Remnants of Hurricane Ike drenched Kane County about three years ago, but the storm's legacy is just now raining cash on local communities.
Kane County officials learned this week they will receive $2.27 million in federal disaster aid.
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Officials put together a list of 16 flood control projects in November. That's when the state announced it was ready to release the $48 million President George W. Bush authorized in declaring parts of the state ravaged by floods in 2008 "major disaster" areas. The award notices came out this week.
The state selected five of Kane County's 16 projects for funding.
"We applied for funding for any and every project that we thought would even be halfway considered by the state of Illinois," said Scott Berger, who oversaw the county's applications. "There were a number of factors at play. We didn't know how competitive the application process was going to be heading in. We just felt like we're in a position where we hate to leave anything on the table."
Kane County will leverage the $2.27 million in federal dollars with county flood control money, funds from the Aurora Township Highway Department and a $2.5 million Illinois EPA loan Big Rock applied for to finance $5.3 million in construction projects.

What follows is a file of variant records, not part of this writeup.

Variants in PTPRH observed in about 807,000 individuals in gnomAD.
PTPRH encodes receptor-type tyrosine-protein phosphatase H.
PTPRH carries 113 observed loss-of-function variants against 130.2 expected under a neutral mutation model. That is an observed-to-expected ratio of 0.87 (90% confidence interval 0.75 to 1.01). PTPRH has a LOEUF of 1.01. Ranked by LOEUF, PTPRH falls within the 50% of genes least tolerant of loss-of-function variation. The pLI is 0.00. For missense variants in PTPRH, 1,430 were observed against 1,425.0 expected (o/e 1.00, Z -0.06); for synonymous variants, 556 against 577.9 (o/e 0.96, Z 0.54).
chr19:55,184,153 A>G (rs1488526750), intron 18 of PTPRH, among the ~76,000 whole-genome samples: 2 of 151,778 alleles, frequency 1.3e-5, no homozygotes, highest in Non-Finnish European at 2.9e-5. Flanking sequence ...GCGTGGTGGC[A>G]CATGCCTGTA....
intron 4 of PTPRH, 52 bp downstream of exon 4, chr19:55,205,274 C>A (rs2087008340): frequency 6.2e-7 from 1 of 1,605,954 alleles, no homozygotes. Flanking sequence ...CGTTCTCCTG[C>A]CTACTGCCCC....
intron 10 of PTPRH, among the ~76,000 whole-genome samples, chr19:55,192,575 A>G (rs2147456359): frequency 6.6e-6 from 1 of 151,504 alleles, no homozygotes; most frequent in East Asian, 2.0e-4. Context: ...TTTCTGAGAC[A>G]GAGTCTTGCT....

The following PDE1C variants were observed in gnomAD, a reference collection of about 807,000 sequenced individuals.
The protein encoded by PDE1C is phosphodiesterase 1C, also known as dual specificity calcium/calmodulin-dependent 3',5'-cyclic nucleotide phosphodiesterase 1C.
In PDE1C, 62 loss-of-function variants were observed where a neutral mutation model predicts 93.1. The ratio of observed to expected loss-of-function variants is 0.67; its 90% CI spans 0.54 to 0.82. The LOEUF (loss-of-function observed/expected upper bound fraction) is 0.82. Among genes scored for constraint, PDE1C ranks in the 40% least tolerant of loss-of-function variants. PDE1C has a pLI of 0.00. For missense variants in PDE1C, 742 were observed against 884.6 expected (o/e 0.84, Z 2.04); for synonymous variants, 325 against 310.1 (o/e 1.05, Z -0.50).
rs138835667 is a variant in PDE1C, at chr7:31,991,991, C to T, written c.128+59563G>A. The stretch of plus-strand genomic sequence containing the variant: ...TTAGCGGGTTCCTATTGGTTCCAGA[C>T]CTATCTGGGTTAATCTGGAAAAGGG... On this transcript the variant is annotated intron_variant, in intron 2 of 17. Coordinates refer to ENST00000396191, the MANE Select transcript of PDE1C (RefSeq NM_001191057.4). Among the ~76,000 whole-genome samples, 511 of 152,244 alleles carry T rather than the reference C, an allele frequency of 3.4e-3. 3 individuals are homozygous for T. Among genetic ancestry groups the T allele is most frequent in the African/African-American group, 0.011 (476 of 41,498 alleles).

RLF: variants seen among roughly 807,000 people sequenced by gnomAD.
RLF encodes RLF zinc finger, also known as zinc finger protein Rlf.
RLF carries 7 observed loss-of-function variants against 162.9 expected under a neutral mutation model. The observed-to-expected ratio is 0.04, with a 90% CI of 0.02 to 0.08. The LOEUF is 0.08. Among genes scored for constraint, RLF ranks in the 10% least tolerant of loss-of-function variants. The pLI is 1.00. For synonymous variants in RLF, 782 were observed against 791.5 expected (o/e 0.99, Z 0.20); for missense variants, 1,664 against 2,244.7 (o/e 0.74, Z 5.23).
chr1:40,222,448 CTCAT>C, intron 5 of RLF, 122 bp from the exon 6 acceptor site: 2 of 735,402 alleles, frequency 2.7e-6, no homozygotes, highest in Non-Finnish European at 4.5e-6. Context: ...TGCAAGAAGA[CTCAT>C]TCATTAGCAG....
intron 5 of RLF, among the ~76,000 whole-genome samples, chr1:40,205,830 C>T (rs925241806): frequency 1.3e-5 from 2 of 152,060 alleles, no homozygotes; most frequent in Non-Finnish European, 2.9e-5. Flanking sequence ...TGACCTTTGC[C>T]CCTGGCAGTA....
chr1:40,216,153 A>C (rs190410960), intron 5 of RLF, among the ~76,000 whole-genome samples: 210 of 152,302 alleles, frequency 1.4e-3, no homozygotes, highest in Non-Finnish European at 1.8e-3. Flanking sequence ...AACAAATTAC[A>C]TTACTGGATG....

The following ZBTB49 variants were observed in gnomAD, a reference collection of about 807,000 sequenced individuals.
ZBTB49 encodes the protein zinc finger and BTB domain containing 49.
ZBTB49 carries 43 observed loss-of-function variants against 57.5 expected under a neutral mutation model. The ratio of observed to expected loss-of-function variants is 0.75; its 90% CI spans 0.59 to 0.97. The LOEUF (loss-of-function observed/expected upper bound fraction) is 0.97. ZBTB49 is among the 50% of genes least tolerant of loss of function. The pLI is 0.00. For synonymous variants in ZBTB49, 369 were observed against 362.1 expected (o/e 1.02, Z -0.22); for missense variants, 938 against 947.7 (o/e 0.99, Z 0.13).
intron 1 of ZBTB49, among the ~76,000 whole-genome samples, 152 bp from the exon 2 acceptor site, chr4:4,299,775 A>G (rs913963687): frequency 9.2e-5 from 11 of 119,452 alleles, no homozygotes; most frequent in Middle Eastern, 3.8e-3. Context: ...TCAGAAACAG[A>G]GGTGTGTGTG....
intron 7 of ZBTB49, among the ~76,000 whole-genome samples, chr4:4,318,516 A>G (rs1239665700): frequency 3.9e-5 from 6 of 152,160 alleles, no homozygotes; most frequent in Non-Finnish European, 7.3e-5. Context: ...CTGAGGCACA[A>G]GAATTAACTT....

Indeed, Big Rock will be the site of four of the five projects. The village's Berman Estates and Tenerelli subdivisions will both see new drainage systems. The village as a whole will benefit from the separation of sanitary and storm sewer systems.
Big Rock Village Administrator Sandy Bell could not be reached for comment, but Berger said the projects will have a major impact on the village's flooding problems.
"There's going to be a tremendous amount of infrastructure work going on in one of our smallest communities," Berger said. "They're going to be able to solve some problems that have plagued them for a long, long time."
Aurora Township is the site of the remaining project. The Pasadena Drive neighborhood will receive a new storm sewer system.
County officials estimate the construction projects will create about 165 temporary construction jobs.
Money: Big Rock will be site of four of five projects